Founded in 1998, Wynwood’s pioneer artist-run space quickly became a crowd magnet for locals eager to discover a bleeding-edge alternative to the hackneyed commercial scene. The alt-haven is celebrating its 15th anniversary of presenting risk-taking shows and has featured hundreds of local, national, and international names early in their careers. Since it planted its flag, Locust has mounted more than 125 large-scale solo and group exhibits and has grown to become the largest experimental contemporary arts organization in the Southeast while garnering widespread critical acclaim for our region. The nonprofit’s Out of the Box public art project delivers art to the masses, and its popular annual Smash and Grab fundraiser makes artwork from hundreds of artists affordable for wage slaves.
6. Wynwood Walls
Debuting during Art Basel with a dozen murals in 2009, the late Tony Goldman’s “Street Museum” has grown to become arguably the greatest collection of urban murals in the nation and is certainly the most democratic expression of culture in Wynwood. Today, Goldman’s visionary project houses soaring opuses by artists from the United States, Brazil, the Ukraine, Greece, France, Japan, and Germany. Some of the marquee names at the Wynwood Walls include Os Gemeos, Retna, Kenny Scharf, Barry McGee, Friends With You, Swoon, and Ron English. If you’re looking for a one-stop fix to mainline art that truly intoxicates the senses, the Wynwood Walls is your can’t-miss ticket.
7. Primary Projects
If your tastes crave art with an attitude, this multidisciplinary stage for bleeding-edge swagger is the place. The artist-founded, artist-operated program has been making plenty of noise and headlines since it opened a few years ago in the Design District. Hot off a string of solo and group shows that were often controversial — including the notorious performance by Korean-American artist Miru Kim, who wallowed naked in the mud with live hogs in the gallery’s storefront window during the 2011 edition of Art Basel, and last year’s “Asif’s Guns,” a pop-up gun shop featuring 300 handcrafted cardboard firearms in Wynwood by the young stable’s Asif Farooq — it comes as little surprise that Primary Projects has risen so rapidly on the local scene. Look for more ambitious programming from gallery founders when they open their sprawling new digs this September in downtown Miami.
8. Dimensions Variable
Since it first opened its doors in 2009, this artist-run nonprofit has been a local favorite of art lovers searching for the challenging and thought-provoking. Dimensions Variable typically presents exhibitions by individual artists or collaborative efforts boasting local and visiting national and international talent. A Knight Challenge Grant winner, DV is also one of the recent spaces pioneering the nascent downtown Miami art scene. It is operated by Adler Guerrier, Leyden Rodriguez-Casanova, and Frances Trombly, whose project has become known for experimentation and exhibits that focus on addressing the DV space specifically. Whether they’re hosting artist residencies or workshops and forums on community building, the folks at DV have proven themselves fearless of pushing the boundaries.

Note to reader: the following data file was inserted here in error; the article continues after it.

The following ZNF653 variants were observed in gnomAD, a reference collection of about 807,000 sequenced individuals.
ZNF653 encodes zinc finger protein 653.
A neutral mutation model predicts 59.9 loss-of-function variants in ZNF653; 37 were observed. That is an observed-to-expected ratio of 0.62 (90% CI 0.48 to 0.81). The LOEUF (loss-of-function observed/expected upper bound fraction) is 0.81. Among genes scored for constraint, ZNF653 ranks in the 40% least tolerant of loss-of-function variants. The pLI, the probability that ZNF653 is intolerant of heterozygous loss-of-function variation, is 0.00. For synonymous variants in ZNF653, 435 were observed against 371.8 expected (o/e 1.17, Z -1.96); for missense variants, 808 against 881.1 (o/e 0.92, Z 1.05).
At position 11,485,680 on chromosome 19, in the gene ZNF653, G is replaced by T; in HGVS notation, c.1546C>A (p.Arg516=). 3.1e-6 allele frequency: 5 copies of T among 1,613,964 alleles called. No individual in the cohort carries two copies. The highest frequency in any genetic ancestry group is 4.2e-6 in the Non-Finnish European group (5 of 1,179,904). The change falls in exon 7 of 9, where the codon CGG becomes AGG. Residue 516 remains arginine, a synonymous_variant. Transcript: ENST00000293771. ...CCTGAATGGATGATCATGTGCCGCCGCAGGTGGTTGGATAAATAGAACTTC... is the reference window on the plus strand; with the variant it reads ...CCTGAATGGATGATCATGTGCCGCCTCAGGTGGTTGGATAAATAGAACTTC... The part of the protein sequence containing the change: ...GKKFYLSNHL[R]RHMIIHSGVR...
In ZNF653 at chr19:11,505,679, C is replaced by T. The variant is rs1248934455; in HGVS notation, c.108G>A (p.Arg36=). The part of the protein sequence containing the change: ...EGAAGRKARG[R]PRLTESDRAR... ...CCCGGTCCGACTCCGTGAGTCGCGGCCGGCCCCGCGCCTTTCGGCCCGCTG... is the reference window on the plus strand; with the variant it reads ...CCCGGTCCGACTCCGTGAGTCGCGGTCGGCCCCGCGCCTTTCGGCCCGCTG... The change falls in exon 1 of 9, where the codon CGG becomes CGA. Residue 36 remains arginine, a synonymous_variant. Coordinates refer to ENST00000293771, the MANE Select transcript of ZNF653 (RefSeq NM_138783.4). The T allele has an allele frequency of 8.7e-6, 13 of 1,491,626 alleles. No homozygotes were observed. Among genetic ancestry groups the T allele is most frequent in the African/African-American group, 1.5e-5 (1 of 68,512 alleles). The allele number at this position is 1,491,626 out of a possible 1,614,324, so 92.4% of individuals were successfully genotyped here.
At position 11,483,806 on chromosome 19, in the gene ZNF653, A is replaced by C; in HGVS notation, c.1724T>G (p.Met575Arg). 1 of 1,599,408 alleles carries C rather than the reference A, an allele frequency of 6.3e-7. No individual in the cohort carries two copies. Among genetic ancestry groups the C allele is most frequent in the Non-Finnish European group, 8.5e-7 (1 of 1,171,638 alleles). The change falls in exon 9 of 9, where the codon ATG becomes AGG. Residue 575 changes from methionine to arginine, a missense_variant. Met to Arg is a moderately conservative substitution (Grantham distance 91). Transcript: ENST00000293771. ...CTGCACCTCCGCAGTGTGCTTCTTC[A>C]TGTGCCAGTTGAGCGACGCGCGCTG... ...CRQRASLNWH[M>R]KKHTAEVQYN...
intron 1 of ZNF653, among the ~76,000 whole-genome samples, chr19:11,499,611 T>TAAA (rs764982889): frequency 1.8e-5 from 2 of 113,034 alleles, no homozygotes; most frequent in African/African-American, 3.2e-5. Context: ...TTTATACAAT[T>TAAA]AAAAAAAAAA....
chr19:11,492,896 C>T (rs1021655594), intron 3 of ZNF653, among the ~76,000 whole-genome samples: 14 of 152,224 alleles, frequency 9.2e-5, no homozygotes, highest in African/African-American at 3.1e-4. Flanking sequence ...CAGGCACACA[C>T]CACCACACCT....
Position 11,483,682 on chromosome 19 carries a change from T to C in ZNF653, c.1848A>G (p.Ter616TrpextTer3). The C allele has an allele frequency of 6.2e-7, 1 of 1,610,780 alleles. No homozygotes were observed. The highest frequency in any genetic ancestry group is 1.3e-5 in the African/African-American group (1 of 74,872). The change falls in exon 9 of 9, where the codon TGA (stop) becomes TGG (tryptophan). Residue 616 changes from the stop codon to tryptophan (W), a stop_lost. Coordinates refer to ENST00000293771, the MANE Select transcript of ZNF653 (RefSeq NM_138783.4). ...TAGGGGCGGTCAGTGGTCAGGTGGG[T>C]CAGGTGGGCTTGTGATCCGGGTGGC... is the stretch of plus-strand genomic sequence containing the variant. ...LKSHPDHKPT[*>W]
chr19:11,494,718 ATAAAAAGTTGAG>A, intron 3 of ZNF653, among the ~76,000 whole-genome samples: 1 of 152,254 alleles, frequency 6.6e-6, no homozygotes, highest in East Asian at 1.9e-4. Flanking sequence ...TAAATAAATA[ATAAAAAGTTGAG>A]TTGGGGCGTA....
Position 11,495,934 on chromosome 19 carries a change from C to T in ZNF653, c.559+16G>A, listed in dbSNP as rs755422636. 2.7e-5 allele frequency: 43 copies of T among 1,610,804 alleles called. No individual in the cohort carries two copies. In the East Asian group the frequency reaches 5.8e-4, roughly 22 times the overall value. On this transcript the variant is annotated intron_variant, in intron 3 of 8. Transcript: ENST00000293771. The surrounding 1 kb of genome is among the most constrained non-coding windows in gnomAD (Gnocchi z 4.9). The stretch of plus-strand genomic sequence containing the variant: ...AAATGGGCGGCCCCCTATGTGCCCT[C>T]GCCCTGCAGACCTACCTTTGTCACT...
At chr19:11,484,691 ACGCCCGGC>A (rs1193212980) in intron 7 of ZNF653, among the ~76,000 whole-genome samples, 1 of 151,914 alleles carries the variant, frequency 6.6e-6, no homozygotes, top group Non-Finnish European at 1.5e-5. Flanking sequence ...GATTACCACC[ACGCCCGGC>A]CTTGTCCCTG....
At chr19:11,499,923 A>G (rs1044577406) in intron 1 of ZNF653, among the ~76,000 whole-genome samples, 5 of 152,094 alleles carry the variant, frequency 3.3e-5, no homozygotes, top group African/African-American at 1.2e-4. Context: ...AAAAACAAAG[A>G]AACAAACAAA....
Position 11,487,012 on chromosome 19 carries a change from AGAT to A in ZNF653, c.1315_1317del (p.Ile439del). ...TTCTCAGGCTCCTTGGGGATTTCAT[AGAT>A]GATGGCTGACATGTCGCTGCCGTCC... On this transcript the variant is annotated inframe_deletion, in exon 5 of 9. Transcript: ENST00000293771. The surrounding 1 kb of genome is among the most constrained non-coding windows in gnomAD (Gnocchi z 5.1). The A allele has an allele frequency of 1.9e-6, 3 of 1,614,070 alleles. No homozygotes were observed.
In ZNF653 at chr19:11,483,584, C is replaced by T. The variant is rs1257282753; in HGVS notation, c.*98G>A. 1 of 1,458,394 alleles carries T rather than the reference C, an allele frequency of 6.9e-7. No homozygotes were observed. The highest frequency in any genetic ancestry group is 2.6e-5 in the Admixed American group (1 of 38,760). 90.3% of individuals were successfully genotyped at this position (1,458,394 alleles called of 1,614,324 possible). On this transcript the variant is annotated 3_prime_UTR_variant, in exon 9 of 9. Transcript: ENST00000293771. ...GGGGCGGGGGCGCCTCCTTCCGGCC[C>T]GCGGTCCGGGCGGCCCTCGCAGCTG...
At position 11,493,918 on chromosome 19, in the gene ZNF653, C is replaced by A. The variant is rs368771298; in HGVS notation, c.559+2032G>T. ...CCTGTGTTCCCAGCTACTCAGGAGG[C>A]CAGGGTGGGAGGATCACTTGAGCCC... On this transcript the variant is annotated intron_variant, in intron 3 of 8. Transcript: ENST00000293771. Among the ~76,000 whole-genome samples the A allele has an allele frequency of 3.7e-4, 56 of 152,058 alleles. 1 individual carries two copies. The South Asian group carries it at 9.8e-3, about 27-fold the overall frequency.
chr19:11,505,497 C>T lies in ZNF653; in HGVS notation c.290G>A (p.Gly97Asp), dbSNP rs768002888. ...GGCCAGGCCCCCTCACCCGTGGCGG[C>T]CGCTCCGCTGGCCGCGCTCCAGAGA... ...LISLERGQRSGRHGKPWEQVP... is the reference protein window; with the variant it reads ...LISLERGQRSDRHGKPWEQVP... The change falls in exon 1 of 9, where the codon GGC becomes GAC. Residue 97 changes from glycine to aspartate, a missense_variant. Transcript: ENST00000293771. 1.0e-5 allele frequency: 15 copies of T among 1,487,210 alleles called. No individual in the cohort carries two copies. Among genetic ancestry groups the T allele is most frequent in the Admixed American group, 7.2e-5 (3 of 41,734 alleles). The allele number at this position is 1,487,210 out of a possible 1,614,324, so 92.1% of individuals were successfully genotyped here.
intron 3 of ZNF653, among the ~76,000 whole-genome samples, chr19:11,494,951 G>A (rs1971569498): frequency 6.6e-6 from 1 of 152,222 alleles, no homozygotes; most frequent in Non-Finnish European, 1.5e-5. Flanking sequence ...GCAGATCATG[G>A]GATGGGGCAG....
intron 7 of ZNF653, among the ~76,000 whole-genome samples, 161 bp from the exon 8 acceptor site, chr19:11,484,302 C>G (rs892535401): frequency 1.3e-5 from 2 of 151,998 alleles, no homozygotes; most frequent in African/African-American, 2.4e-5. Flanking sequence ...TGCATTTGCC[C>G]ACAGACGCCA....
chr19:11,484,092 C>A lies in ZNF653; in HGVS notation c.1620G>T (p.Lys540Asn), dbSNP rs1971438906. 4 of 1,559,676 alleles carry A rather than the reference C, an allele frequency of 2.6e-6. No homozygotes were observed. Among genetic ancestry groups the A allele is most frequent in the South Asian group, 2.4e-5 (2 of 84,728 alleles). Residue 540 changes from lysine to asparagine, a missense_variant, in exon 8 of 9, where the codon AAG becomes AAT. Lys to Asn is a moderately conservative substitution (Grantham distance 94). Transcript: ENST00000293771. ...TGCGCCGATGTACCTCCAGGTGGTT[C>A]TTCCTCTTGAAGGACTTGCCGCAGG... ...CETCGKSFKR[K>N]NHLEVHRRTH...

9. 6th Street Container
This rectangular alt-asylum might not be where you would expect to discover a hotbed of invigorating exhibits, but the 6th Street Container’s odd configuration adds charm to its Little Havana location. Launched two years ago by indie curator and artist Adalberto Delgado and his partner Maria Amores, the gallery, located in a building housing a barbershop, a black-box theater, a dance studio, and several artist spaces, is curatorially driven and has earned a reputation for seamless solo and group shows and provocative performances presented on a monthly basis. Edgy in nature and always experimental while focusing on every conceivable genre of media, the 6th Street Container is at the forefront of cultural rebirth in Little Havana and a home for art outside the mainstream.
10. Dina Mitrani Gallery
Opened in late 2008, Dina Mitrani’s contempo photo emporium has become a must-visit sanctuary for genre lovers. Focused exclusively on photography, Mitrani’s eponymous gallery is a platform for emerging, midcareer, and established shutterbugs. Housed in what used to be her father’s clothing factory for four decades, Mitrani consistently delivers top-drawer shows, including one of our favorite Art Basel exhibits, “Willy Ronis: Paris,” which drew hordes of photography and art aficionados to Wynwood and reflected a critical program committed to showcasing both the classic and the contemporary.